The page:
Photography / Editorial / Print

"There is a fascination with light and what it can bring to an environment," says young designer Samuel Wilkinson in describing the driving force behind some of his award winning designs. The Plumen 001, which the designer worked on for almost two years with manufacturer Hulger was, he says "a fantastic project which explored the idea of an aesthetic lightbulb." It was a challenging brief, to give form to something new and redesign the energy-saving CFL light bulb. "You didn't know what was right or wrong and we were pretty much going back and forth for some time to finalise it." The end result of twisting the bulb's glass tubes is a shape he describes as 'organised complexity,' complemented by a soulful yellow tint when lit. The Plumen 001 led to Wilkinson collecting the grand prize from the London Design Museum of ‘2011 Design of the Year’ and the highly coveted ‘Black pencil’ from the D&AD, but he says his career has only just begun...

Wilkinson learned his craft at Ravensboure College of Art & Design in 2002, graduating in furniture and related product design. "It was a great college and I chose it because it had great workshops. It's nice to make, get your hands into the material." At the time, "Ravensbourne was in Chislehurst near London, set in a purpose built modernist campus in parkland." It has now moved next to the O2 centre but Wilkinson fondly remembers the workshops, "which is not always the case these days, where lots of universities are cutting down on workshop availability and making it more digital. It is good to have a balance of those things."

Six months after college, Wilkinson got an internship at Fitch:London, a big branding agency, followed by a few other leading consultancies such as Tangerine, PearsonLloyd, and Conran "working on projects like transport and furniture. More of the industrial design I really wanted to get into." Gravitating towards design came naturally, "Art wasn't my best subject at school, I was more maths and physics. I suppose it is more a technical outlook, that's why I like to find order in my design. I found as I got older, I could however bring my artistic side into that. I was quite visual as a child and am dyslexic as lots of designers are, you kind of gravitate towards making things, patterns, visuals, design based types of work."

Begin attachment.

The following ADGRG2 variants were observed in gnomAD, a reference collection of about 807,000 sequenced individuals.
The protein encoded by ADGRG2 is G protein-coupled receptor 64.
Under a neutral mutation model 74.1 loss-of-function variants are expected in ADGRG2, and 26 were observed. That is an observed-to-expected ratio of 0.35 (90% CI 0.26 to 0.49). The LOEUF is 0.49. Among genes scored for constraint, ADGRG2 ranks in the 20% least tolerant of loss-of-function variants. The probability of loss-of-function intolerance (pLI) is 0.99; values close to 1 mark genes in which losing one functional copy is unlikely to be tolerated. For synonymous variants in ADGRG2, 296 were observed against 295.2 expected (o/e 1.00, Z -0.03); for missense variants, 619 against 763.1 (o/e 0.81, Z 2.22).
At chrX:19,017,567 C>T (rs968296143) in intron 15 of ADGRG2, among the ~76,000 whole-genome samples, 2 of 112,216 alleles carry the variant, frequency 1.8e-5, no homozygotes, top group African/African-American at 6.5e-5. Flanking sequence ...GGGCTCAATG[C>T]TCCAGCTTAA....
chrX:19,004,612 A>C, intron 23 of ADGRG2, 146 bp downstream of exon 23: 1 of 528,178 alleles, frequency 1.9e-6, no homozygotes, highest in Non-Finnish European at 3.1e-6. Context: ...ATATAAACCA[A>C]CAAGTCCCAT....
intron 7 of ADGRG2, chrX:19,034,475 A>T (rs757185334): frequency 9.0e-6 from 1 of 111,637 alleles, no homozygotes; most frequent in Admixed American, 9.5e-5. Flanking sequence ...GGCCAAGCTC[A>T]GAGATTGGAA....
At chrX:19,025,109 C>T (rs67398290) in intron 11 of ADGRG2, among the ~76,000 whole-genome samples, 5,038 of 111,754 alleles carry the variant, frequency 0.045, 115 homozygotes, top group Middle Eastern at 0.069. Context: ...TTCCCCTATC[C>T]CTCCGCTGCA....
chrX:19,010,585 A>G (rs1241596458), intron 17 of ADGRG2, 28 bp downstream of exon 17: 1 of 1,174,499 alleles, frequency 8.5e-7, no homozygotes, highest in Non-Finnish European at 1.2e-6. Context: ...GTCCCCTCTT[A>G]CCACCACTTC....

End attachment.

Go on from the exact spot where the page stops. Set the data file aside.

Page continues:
It is very important for design to have life and energy, "the ideal is to create character and soul in the object, while also have functionality, sustainability in terms of durability and quality, so that it holds interest." It helps that his training in furniture design has given him solid grounding in ergonomics and visual balance, "There are so many subtle facets. You can design two objects in a very similar way, but one may just have that something special that can push it that little bit further."

The studio in hackney has shelves littered with designs, lights and intricate little paper and 3d printed furniture mock-ups. Picking up a piece of wood, "this was the initial stage of the Hoof table for Danish company &tradition. We were playing around with the bandsaw and making different patterns, realising when you cut it in three or four ways you get this pencil type reference." The table is less pencil orientated however, "we took the reference of that and formulised it a little bit more, different from a usual manufacturing process, in that you would paint it first and then cut the ends afterwards." It produces a beautiful craft aesthetic.

His work has led to an inclusion in Design week's UK top 50 consultancies, which he says "was a massive honour. Its nice to get professional accolades like that, but even as a student, winning the D&AD New Blood Award and the RSA award which gave me a travel bursary to go to Japan, was very special." There is a sense that greater projects are ahead of him and what could be a dream project we ask "it changes all the time, maybe a hotel, where you can design everything, from the cutlery and  furniture to the interior. Because then you can really cultivate that environment, whenever you design a product you imagine the perfect context for it, its not often you get to facilitate that product into a space."